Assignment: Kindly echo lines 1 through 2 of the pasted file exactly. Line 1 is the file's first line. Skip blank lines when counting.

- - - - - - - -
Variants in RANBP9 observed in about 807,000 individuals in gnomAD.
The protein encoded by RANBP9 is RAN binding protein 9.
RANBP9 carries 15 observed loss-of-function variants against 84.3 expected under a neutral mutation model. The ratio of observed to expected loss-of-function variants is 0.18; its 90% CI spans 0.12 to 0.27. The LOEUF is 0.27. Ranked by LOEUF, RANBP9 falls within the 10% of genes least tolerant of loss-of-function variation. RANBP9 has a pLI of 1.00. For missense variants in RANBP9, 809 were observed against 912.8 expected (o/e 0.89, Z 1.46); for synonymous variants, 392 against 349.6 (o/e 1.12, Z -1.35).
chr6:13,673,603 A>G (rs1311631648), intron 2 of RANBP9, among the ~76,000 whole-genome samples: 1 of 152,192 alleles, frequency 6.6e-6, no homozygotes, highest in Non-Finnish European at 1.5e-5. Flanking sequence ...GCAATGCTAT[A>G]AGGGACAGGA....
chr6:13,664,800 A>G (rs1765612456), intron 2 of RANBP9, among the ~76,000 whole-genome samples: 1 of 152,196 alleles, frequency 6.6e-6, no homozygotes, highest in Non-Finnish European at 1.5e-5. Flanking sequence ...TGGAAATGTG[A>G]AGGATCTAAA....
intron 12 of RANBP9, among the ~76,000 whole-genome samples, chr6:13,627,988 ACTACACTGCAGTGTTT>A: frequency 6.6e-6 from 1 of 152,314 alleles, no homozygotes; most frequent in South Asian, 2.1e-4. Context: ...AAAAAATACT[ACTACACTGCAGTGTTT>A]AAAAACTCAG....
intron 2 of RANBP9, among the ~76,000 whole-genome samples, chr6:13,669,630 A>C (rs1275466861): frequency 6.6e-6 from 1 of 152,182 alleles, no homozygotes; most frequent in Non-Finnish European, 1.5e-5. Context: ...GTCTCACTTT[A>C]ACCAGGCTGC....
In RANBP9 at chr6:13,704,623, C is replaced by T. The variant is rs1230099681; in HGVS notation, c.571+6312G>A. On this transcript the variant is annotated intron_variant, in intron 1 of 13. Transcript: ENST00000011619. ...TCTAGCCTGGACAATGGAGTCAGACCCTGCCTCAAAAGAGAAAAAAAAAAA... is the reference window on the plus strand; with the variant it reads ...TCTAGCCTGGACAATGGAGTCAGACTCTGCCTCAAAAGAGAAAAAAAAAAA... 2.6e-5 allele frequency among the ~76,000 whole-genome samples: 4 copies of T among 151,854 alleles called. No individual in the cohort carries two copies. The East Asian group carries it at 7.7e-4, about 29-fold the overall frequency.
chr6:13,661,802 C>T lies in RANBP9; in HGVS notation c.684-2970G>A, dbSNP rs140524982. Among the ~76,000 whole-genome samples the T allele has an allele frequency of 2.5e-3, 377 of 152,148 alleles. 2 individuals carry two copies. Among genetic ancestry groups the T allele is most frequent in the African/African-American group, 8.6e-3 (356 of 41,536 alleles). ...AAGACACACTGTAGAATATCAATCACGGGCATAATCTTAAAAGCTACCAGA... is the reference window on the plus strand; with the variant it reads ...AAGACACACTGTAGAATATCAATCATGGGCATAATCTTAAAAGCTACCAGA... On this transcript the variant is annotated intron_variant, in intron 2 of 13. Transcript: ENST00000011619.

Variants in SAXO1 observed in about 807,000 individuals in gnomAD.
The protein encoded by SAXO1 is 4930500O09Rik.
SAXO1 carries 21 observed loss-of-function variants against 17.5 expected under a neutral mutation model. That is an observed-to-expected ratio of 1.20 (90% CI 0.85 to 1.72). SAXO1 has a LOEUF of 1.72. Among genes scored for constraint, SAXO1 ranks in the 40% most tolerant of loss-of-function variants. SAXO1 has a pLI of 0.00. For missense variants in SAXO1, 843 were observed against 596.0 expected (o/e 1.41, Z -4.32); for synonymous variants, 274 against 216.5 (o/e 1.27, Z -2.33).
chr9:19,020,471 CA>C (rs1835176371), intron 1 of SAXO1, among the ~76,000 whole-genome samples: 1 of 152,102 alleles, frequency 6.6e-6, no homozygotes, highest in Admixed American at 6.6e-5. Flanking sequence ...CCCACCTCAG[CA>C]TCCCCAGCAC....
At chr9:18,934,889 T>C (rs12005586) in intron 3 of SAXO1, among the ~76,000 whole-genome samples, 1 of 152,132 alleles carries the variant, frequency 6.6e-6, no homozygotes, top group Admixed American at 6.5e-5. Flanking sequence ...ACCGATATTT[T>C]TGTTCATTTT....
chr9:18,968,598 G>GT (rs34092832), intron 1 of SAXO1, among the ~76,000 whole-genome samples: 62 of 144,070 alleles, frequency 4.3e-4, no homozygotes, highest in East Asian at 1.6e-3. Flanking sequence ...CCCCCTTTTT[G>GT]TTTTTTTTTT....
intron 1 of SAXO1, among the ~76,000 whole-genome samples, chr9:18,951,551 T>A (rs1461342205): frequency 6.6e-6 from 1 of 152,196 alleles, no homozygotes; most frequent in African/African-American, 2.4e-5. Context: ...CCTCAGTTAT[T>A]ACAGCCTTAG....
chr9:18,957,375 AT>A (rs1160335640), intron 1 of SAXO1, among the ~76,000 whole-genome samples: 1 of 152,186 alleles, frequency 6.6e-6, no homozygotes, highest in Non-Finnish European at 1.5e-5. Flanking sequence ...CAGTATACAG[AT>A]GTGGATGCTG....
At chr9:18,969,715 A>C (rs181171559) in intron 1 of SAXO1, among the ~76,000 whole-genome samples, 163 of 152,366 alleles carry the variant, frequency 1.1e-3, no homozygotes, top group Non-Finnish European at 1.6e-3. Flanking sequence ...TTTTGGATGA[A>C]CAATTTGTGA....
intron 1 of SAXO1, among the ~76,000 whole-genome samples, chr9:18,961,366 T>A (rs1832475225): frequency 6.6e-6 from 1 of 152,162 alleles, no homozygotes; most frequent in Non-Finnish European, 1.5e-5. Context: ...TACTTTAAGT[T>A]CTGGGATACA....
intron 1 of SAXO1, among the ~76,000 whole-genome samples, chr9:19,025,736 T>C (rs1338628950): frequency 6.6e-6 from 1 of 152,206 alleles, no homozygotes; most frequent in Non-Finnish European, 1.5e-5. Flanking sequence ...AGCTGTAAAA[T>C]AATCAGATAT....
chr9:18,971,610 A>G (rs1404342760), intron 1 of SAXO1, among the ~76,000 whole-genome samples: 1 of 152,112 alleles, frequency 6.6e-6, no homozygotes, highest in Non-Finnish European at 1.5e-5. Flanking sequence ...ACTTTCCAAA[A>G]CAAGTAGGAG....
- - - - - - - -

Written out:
Variants in RANBP9 observed in about 807,000 individuals in gnomAD.
The protein encoded by RANBP9 is RAN binding protein 9.